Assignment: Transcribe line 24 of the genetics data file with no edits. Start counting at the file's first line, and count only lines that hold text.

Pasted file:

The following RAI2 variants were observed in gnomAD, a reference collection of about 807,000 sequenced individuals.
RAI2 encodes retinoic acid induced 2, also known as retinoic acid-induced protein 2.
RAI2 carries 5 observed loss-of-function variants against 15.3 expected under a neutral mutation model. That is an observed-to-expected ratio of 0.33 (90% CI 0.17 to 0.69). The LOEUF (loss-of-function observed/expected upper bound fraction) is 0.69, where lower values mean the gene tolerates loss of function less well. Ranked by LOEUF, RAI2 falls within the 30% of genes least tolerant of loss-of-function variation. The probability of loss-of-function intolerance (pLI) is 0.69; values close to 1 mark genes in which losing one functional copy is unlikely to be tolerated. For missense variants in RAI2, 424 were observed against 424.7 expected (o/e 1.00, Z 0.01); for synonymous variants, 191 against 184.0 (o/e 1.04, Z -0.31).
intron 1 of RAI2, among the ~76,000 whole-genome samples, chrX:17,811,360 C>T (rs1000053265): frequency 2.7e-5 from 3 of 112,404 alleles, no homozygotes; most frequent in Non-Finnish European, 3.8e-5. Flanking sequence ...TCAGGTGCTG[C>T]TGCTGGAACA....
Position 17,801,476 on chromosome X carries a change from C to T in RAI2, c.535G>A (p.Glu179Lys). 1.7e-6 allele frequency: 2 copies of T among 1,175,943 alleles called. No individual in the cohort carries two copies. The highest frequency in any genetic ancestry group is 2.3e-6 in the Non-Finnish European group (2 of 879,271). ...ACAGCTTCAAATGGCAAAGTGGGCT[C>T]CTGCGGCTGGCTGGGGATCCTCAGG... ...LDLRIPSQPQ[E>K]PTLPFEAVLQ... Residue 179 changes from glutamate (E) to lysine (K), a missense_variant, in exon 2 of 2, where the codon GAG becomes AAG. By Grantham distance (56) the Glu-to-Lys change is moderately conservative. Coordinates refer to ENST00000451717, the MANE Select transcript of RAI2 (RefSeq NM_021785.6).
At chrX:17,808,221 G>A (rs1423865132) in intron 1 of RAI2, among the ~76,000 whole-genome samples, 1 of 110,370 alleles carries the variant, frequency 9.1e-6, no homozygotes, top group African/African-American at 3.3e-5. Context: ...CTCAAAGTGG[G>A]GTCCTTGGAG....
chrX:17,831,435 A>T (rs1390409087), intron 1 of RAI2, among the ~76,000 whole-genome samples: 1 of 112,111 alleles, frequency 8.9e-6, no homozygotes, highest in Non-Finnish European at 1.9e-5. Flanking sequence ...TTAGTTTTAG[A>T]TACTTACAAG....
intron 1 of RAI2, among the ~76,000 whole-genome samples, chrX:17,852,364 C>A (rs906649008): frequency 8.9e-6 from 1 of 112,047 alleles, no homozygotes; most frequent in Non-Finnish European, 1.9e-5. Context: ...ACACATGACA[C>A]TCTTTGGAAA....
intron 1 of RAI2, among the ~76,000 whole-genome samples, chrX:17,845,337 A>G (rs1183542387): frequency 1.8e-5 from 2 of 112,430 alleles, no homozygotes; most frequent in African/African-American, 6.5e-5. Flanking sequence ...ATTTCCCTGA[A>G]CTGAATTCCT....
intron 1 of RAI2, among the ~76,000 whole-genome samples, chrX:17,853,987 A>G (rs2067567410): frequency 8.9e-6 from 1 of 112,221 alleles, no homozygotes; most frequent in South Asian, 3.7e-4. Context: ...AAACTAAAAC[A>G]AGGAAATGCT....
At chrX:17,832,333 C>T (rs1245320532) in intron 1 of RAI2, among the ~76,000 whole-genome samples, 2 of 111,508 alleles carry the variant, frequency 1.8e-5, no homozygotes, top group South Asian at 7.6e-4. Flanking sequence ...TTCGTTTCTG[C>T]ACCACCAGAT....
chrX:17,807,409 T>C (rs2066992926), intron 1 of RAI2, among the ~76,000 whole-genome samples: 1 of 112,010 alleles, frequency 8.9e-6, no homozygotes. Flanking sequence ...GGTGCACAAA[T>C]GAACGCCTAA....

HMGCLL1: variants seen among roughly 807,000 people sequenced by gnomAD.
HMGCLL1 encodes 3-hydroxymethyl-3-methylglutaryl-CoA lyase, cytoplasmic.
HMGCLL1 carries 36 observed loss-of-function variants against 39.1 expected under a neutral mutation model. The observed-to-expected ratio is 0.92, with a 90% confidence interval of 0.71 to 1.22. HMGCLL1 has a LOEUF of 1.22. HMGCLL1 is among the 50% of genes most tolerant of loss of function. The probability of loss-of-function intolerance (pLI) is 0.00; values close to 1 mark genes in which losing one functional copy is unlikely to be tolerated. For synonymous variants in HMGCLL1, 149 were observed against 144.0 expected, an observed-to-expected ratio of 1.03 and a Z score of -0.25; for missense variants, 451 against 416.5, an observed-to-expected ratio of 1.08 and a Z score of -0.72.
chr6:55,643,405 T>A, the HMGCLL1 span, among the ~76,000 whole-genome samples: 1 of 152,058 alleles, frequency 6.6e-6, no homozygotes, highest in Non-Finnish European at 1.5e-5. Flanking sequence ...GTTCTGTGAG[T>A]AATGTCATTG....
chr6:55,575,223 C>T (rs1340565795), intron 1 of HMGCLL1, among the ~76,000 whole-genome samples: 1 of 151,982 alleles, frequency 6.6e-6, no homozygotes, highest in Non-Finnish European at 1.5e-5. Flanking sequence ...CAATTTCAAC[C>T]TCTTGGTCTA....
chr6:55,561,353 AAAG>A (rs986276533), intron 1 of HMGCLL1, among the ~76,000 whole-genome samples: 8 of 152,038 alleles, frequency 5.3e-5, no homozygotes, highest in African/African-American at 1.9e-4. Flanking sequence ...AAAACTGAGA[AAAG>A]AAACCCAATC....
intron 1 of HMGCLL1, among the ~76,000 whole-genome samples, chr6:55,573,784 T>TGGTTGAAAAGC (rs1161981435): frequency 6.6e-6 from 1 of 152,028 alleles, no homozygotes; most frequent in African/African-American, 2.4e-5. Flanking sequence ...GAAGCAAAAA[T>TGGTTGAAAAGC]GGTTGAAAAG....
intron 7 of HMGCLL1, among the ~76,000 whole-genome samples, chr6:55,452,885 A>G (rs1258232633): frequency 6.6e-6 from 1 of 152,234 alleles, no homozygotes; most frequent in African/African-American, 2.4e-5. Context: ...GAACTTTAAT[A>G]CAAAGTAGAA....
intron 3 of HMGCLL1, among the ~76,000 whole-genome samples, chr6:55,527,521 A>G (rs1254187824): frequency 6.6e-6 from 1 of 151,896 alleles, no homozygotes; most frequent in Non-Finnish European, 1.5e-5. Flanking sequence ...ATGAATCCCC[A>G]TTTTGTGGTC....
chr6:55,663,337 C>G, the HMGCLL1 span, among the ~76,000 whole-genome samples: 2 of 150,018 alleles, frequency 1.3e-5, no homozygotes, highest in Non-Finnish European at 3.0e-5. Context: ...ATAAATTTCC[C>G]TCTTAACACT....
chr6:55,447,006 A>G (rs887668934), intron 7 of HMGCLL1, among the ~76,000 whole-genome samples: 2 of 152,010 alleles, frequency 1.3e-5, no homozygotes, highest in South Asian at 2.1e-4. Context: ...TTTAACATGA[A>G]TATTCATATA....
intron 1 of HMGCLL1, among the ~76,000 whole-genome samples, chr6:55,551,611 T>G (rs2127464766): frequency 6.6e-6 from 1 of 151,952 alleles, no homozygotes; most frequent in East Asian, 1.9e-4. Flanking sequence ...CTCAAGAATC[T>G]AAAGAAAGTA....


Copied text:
intron 1 of HMGCLL1, among the ~76,000 whole-genome samples, chr6:55,551,611 T>G (rs2127464766): frequency 6.6e-6 from 1 of 151,952 alleles, no homozygotes; most frequent in East Asian, 1.9e-4. Flanking sequence ...CTCAAGAATC[T>G]AAAGAAAGTA....